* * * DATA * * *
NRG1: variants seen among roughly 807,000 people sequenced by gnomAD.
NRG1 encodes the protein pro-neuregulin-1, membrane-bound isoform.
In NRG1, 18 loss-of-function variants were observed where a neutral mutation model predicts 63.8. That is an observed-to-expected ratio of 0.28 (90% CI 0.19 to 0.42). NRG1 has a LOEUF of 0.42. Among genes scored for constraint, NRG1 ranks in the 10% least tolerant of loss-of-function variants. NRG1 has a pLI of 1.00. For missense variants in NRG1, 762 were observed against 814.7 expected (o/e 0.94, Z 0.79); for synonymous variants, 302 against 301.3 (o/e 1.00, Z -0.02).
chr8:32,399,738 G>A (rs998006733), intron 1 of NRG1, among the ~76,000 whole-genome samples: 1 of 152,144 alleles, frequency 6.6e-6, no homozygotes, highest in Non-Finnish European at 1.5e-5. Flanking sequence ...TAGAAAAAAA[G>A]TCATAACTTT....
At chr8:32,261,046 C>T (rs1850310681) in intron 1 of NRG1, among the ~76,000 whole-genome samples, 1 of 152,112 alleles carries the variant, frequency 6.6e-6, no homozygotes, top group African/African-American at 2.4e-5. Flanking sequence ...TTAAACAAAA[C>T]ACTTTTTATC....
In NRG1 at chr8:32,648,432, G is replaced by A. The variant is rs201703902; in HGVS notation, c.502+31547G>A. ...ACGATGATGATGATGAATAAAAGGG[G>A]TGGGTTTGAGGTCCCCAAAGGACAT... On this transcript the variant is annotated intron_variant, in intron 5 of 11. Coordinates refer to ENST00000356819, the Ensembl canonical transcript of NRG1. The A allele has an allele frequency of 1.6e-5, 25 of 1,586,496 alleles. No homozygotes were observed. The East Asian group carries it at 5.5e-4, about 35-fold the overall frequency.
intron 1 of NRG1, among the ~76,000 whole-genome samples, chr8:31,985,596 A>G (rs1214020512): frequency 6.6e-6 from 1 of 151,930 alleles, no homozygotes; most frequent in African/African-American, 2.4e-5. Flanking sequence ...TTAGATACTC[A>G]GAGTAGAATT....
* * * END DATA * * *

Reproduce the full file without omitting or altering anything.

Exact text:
NRG1: variants seen among roughly 807,000 people sequenced by gnomAD.
NRG1 encodes the protein pro-neuregulin-1, membrane-bound isoform.
In NRG1, 18 loss-of-function variants were observed where a neutral mutation model predicts 63.8. That is an observed-to-expected ratio of 0.28 (90% CI 0.19 to 0.42). NRG1 has a LOEUF of 0.42. Among genes scored for constraint, NRG1 ranks in the 10% least tolerant of loss-of-function variants. NRG1 has a pLI of 1.00. For missense variants in NRG1, 762 were observed against 814.7 expected (o/e 0.94, Z 0.79); for synonymous variants, 302 against 301.3 (o/e 1.00, Z -0.02).
chr8:32,399,738 G>A (rs998006733), intron 1 of NRG1, among the ~76,000 whole-genome samples: 1 of 152,144 alleles, frequency 6.6e-6, no homozygotes, highest in Non-Finnish European at 1.5e-5. Flanking sequence ...TAGAAAAAAA[G>A]TCATAACTTT....
At chr8:32,261,046 C>T (rs1850310681) in intron 1 of NRG1, among the ~76,000 whole-genome samples, 1 of 152,112 alleles carries the variant, frequency 6.6e-6, no homozygotes, top group African/African-American at 2.4e-5. Flanking sequence ...TTAAACAAAA[C>T]ACTTTTTATC....
In NRG1 at chr8:32,648,432, G is replaced by A. The variant is rs201703902; in HGVS notation, c.502+31547G>A. ...ACGATGATGATGATGAATAAAAGGG[G>A]TGGGTTTGAGGTCCCCAAAGGACAT... On this transcript the variant is annotated intron_variant, in intron 5 of 11. Coordinates refer to ENST00000356819, the Ensembl canonical transcript of NRG1. The A allele has an allele frequency of 1.6e-5, 25 of 1,586,496 alleles. No homozygotes were observed. The East Asian group carries it at 5.5e-4, about 35-fold the overall frequency.
intron 1 of NRG1, among the ~76,000 whole-genome samples, chr8:31,985,596 A>G (rs1214020512): frequency 6.6e-6 from 1 of 151,930 alleles, no homozygotes; most frequent in African/African-American, 2.4e-5. Flanking sequence ...TTAGATACTC[A>G]GAGTAGAATT....